Mexico City Ciudad de México, is the capital and largest city of Mexico and the most-populous city in North America. Mexico City is one of the most important cultural and financial centres in the world. It is located in the Valley of Mexico (Valle de México), a large valley in the high plateaus in the center of Mexico, at an altitude of 2,240 meters (7,350 ft). The city has 16 subdivisions, formerly known as boroughs. Mexico’s capital is both the oldest capital city in the Americas and one of two founded by indigenous people, the other being Quito, Ecuador. The city was originally built on an island of Lake Texcoco by the Aztecs in 1325 as Tenochtitlan, which was almost completely destroyed in the 1521 siege of Tenochtitlan and subsequently redesigned and rebuilt in accordance with the Spanish urban standards. In 1524, the municipality of Mexico City was established, known as México Tenochtitlán, and as of 1585, it was officially known as Ciudad de México (Mexico City). Mexico City was the political, administrative, and financial center of a major part of the Spanish colonial empire. After independence from Spain was achieved, the federal district was created in 1824. After years of demanding greater political autonomy, residents were finally given the right to elect both a head of government and the representatives of the unicameral Legislative Assembly by election in 1997. Ever since, left-wing parties (first the Party of the Democratic Revolution and later the National Regeneration Movement) have controlled both of them. The city has several progressive policies, such as abortion on demand, a limited form of euthanasia, no-fault divorce, and same-sex marriage. On 29 January 2016, it ceased to be the Federal District (Spanish: Distrito Federal or D.F.) and is now officially known as Ciudad de México (or CDMX), with a greater degree of autonomy. A clause in the Constitution of Mexico, however, prevents it from becoming a state within the Mexican federation, as it is the seat of power in the country, unless the capital of the country were to be relocated elsewhere.
Magdalena Carmen Frida Kahlo y Calderón 6 July 1907 – 13 July 1954 was a Mexican painter known for her many portraits, self-portraits, and works inspired by the nature and artifacts of Mexico. Inspired by the country’s popular culture, she employed a naïvefolk art style to explore questions of identity, postcolonialism, gender, class, and race in Mexican society. Her paintings often had strong autobiographical elements and mixed realism with fantasy. In addition to belonging to the post-revolutionary Mexicayotl movement, which sought to define a Mexican identity, Kahlo has been described as a surrealist or magical realist. La Casa Azul, Kahlo’s childhood home and residence from 1939 until her death in 1954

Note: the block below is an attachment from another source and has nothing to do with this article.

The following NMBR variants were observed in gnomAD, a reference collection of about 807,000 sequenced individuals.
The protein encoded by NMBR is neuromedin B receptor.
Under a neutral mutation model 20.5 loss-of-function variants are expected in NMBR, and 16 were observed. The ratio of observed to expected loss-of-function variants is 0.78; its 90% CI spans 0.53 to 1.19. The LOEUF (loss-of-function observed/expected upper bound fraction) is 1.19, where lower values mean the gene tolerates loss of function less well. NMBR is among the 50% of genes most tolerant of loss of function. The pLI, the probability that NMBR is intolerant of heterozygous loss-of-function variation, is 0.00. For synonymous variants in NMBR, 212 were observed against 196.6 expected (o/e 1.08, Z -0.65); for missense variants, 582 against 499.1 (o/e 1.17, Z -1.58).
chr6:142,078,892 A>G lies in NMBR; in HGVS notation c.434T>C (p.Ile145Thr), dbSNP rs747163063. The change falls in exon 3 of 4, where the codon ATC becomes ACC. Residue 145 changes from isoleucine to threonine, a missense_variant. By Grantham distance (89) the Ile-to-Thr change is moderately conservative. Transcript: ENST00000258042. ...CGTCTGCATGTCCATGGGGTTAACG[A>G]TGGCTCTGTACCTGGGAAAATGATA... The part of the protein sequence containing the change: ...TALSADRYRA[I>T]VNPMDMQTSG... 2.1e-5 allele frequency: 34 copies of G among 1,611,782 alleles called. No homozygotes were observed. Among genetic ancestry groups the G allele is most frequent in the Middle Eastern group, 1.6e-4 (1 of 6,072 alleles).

Palenque was a Maya city state in southern Mexico that flourished in the 7th century. The Palenque ruins date from ca. 226 BC to ca. 799 AD. After its decline, it was overgrown by the jungle of cedar, mahogany, and sapodilla trees, but has since been excavated and restored. It is located near the Usumacinta River in the Mexican state of Chiapas, about 130 km (81 mi) south of Ciudad del Carmen, 150 meters (490 ft) above sea level. It averages a humid 26 °C (79 °F) with roughly 2,160 millimeters (85 in) of rain a year. Palenque is a medium-sized site, smaller than Tikal, Chichen Itza, or Copán, but it contains some of the finest architecture, sculpture, roof comb and bas-relief carvings that the Mayas produced. Much of the history of Palenque has been reconstructed from reading the hieroglyphic inscriptions on the many monuments; historians now have a long sequence of the ruling dynasty of Palenque in the 5th century and extensive knowledge of the city-state’s rivalry with other states such as Calakmul and Toniná. The most famous ruler of Palenque was K’inich Janaab Pakal, or Pacal the Great, whose tomb has been found and excavated in the Temple of the Inscriptions. By 2005, the discovered area covered up to 2.5 km2 (1 sq mi), but it is estimated that less than 10% of the total area of the city is explored, leaving more than a thousand structures still covered by jungle.